It’s been nearly 25 years since Ron James began touring, and it’s still where the award-winning Canadian comedian feels most comfortable.
It’s fitting, then, that his upcoming tour is called Back Where I Belong.
“It’s authentic. It’s not split up by commercials. It’s me on stage with a glass of water and a microphone,” James told OrilliaMatters.
He has created TV specials and starred in The Ron James Show, which, despite its popularity, was cancelled by CBC after five seasons.
He has performed sold-out shows in venues of various sizes, but he’s most at home in more intimate environments, including the Orillia Opera House.
He will make his return to the downtown theatre March 20.
James is excited to hit the road after a pandemic-prompted hiatus.
He managed to get some shows in prior to the Omicron COVID-19 variant being detected. Otherwise, it was all about virtual events, which don’t create the same dynamic.
“Walking out on stage and just feeling the electricity and atmosphere of the audience was a validation of the life force,” he said.
He knew the time would come when he would be able to tour again, which is why he kept up with his comedy and continued to engage with fans online.
“I did not want my muscle to atrophy,” he said.
The pandemic also afforded him the time to do something he’d been wanting to do for a while: write his first book.
Released in September 2021, All Over the Map: Rambles and Ruminations from the Canadian Road is just as it sounds.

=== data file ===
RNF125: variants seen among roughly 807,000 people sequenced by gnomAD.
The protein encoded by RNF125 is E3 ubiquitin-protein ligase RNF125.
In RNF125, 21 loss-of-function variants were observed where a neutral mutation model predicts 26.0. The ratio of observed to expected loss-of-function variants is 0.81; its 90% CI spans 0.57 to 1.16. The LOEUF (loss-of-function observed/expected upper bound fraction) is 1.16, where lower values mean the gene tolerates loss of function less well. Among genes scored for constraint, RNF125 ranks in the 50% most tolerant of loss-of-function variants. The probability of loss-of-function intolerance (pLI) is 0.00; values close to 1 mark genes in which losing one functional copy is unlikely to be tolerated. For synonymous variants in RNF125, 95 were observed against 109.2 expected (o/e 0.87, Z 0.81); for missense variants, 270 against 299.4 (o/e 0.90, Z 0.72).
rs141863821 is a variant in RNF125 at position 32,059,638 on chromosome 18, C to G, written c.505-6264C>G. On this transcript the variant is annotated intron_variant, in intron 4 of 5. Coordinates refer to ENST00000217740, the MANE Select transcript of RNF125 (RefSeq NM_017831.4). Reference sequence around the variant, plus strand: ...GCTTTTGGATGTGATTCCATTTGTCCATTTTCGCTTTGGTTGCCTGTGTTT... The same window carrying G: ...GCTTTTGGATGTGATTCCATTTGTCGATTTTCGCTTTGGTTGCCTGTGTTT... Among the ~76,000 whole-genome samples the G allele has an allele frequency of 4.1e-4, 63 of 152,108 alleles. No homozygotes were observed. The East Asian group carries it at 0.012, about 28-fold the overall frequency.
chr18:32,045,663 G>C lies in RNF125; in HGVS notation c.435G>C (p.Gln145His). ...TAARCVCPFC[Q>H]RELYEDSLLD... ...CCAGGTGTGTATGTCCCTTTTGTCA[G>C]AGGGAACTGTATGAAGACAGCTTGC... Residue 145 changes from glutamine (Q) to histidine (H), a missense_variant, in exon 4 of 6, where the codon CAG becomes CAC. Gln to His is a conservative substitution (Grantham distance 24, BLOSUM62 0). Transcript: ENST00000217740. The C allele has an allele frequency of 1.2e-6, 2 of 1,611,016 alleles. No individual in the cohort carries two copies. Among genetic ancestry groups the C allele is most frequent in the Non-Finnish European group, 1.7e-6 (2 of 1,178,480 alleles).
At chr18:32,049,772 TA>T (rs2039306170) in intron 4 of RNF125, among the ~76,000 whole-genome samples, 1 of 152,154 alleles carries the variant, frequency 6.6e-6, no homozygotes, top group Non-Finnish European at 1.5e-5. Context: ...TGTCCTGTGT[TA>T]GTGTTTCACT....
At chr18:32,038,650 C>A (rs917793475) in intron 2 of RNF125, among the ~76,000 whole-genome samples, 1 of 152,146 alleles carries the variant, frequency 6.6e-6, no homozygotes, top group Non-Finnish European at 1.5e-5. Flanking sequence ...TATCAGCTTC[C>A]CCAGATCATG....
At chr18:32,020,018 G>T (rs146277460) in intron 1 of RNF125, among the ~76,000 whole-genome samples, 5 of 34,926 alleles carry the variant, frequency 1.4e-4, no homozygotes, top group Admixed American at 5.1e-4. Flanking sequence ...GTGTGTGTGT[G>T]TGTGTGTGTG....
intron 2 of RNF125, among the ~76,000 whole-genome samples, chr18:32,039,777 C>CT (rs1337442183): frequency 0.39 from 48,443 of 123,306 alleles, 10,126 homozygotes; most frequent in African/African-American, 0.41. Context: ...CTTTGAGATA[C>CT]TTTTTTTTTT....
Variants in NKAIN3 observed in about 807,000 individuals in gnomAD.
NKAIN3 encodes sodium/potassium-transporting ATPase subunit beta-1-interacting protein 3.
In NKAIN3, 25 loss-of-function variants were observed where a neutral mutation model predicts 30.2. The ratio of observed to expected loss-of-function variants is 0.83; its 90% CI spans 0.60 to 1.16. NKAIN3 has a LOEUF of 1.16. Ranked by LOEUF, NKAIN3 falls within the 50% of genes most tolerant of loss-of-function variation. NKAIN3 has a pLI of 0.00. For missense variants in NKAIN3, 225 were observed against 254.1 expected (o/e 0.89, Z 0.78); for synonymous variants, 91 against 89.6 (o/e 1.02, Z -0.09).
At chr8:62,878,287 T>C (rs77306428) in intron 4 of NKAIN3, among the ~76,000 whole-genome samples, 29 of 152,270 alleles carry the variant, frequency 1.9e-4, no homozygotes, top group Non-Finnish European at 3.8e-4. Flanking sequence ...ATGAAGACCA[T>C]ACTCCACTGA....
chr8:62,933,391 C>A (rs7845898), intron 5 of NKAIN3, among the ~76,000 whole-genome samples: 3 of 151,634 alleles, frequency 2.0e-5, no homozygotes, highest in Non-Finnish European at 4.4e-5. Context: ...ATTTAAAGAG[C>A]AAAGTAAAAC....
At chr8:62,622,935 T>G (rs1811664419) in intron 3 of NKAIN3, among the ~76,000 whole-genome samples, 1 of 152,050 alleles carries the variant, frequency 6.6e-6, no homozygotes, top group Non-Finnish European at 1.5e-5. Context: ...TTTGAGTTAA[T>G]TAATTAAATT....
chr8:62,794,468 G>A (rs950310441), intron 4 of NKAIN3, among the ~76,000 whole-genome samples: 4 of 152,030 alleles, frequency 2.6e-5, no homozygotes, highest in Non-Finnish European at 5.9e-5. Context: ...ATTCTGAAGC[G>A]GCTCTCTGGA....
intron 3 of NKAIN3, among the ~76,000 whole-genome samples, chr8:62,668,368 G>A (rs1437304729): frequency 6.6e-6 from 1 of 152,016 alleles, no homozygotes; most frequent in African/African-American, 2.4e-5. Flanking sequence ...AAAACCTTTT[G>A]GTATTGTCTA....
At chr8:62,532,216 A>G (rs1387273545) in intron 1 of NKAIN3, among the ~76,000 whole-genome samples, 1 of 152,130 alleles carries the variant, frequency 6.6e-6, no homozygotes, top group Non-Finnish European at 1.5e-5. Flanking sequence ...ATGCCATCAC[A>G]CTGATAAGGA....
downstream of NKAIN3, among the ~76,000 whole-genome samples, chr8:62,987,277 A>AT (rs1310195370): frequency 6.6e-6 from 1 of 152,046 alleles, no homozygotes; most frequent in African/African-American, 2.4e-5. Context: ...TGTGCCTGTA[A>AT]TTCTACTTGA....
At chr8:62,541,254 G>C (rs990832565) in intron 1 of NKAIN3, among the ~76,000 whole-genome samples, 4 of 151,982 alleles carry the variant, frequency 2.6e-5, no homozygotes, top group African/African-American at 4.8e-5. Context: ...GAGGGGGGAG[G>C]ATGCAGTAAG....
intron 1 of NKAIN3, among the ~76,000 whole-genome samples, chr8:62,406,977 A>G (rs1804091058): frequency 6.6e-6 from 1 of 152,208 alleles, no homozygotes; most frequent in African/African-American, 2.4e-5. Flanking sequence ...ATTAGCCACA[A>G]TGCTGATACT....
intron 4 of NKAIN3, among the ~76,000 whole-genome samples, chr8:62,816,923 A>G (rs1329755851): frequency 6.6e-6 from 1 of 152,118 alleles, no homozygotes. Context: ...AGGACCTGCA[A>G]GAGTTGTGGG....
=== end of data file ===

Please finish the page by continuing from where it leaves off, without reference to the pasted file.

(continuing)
James revisited the journals he’d kept over the years, detailing his time travelling the country.
“It was an almost bittersweet melancholy that I felt,” he said.
It had him thinking about theatres full of enthusiastic fans. There were funny moments as well as poignant ones.
He was fortunate to meet people of different cultures and hear their stories. Some of those reflections are in his book, as well as memories of his time camping with his family as a kid, working for CBC and taking part in the Just for Laughs festival.
“I really enjoyed the process. It was intimidating at first,” he said of writing the book.
It was freeing, too.
Stand-up gigs come with the expectation of rapid-fire jokes and near-constant laughter. With the book, “I could explore the more emotional content of the narrative,” James said.
All Over the Map is “a love letter to the country I had the good fortune to travel.”
That country is, of course, Canada.
He has often been asked about the ability of Canadian comedians to make a name for themselves in the United States. It doesn’t concern him.
“A thousand people laughing in a snowstorm in Canada sounds exactly the same as a thousand people laughing in Las Vegas, where it’s warm,” he said.
Laughter is what is needed right now, he added, after two years of a pandemic as well as other events and controversies that have created much division among Canadians.
James uses his time on stage to weave comedy, his own philosophies and, sometimes, politics.
“If it’s political, I’m an equal opportunity offender,” he said. “It’s imperative for me to give a show of high-octane comedy that’s going to leave people laughing and thinking.”
With anxiety running high for many, “if I can let people forget that for a while, I’ve done my job.”
“It’s prudent to remember what we missed the most. We missed each other,” James said. “I’ve always looked at comedy as a unifying element.”
Come together for a laugh with James on March 20, but don’t wait long to purchase tickets. The show is almost sold out.
Ticket information can be found here.
For more information about James, visit his website.